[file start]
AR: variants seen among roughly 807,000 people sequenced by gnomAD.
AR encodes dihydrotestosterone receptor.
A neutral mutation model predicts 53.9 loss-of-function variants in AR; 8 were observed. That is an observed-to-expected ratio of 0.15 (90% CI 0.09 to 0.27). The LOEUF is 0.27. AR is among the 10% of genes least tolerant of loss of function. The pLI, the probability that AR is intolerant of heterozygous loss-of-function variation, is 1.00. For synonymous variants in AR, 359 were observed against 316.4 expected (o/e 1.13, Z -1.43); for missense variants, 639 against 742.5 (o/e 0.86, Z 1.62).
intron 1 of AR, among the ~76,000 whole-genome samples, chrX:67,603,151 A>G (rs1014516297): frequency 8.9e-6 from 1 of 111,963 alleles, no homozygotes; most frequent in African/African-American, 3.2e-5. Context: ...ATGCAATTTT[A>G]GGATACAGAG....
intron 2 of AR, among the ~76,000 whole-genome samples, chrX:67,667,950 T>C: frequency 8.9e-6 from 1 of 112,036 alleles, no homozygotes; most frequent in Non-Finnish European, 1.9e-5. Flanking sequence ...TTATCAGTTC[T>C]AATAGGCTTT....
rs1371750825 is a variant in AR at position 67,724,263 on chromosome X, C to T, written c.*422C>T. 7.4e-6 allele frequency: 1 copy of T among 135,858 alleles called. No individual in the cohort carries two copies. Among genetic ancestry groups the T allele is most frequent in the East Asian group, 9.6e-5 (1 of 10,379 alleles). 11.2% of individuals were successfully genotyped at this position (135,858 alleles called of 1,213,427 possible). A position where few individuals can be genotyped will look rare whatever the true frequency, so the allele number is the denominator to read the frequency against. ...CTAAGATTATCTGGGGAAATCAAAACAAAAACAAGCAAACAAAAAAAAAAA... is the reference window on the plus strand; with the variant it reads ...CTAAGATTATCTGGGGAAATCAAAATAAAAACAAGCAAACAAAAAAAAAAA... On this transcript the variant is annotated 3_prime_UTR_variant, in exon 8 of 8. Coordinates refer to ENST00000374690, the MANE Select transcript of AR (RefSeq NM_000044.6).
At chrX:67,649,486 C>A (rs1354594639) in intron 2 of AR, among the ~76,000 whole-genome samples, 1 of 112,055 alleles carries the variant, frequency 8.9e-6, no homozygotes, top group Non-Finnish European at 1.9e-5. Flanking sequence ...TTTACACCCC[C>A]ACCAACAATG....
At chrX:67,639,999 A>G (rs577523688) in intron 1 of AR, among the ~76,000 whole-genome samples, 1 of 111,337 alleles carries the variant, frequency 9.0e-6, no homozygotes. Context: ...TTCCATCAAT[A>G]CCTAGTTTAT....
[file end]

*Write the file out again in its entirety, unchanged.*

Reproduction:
AR: variants seen among roughly 807,000 people sequenced by gnomAD.
AR encodes dihydrotestosterone receptor.
A neutral mutation model predicts 53.9 loss-of-function variants in AR; 8 were observed. That is an observed-to-expected ratio of 0.15 (90% CI 0.09 to 0.27). The LOEUF is 0.27. AR is among the 10% of genes least tolerant of loss of function. The pLI, the probability that AR is intolerant of heterozygous loss-of-function variation, is 1.00. For synonymous variants in AR, 359 were observed against 316.4 expected (o/e 1.13, Z -1.43); for missense variants, 639 against 742.5 (o/e 0.86, Z 1.62).
intron 1 of AR, among the ~76,000 whole-genome samples, chrX:67,603,151 A>G (rs1014516297): frequency 8.9e-6 from 1 of 111,963 alleles, no homozygotes; most frequent in African/African-American, 3.2e-5. Context: ...ATGCAATTTT[A>G]GGATACAGAG....
intron 2 of AR, among the ~76,000 whole-genome samples, chrX:67,667,950 T>C: frequency 8.9e-6 from 1 of 112,036 alleles, no homozygotes; most frequent in Non-Finnish European, 1.9e-5. Flanking sequence ...TTATCAGTTC[T>C]AATAGGCTTT....
rs1371750825 is a variant in AR at position 67,724,263 on chromosome X, C to T, written c.*422C>T. 7.4e-6 allele frequency: 1 copy of T among 135,858 alleles called. No individual in the cohort carries two copies. Among genetic ancestry groups the T allele is most frequent in the East Asian group, 9.6e-5 (1 of 10,379 alleles). 11.2% of individuals were successfully genotyped at this position (135,858 alleles called of 1,213,427 possible). A position where few individuals can be genotyped will look rare whatever the true frequency, so the allele number is the denominator to read the frequency against. ...CTAAGATTATCTGGGGAAATCAAAACAAAAACAAGCAAACAAAAAAAAAAA... is the reference window on the plus strand; with the variant it reads ...CTAAGATTATCTGGGGAAATCAAAATAAAAACAAGCAAACAAAAAAAAAAA... On this transcript the variant is annotated 3_prime_UTR_variant, in exon 8 of 8. Coordinates refer to ENST00000374690, the MANE Select transcript of AR (RefSeq NM_000044.6).
At chrX:67,649,486 C>A (rs1354594639) in intron 2 of AR, among the ~76,000 whole-genome samples, 1 of 112,055 alleles carries the variant, frequency 8.9e-6, no homozygotes, top group Non-Finnish European at 1.9e-5. Flanking sequence ...TTTACACCCC[C>A]ACCAACAATG....
At chrX:67,639,999 A>G (rs577523688) in intron 1 of AR, among the ~76,000 whole-genome samples, 1 of 111,337 alleles carries the variant, frequency 9.0e-6, no homozygotes. Context: ...TTCCATCAAT[A>G]CCTAGTTTAT....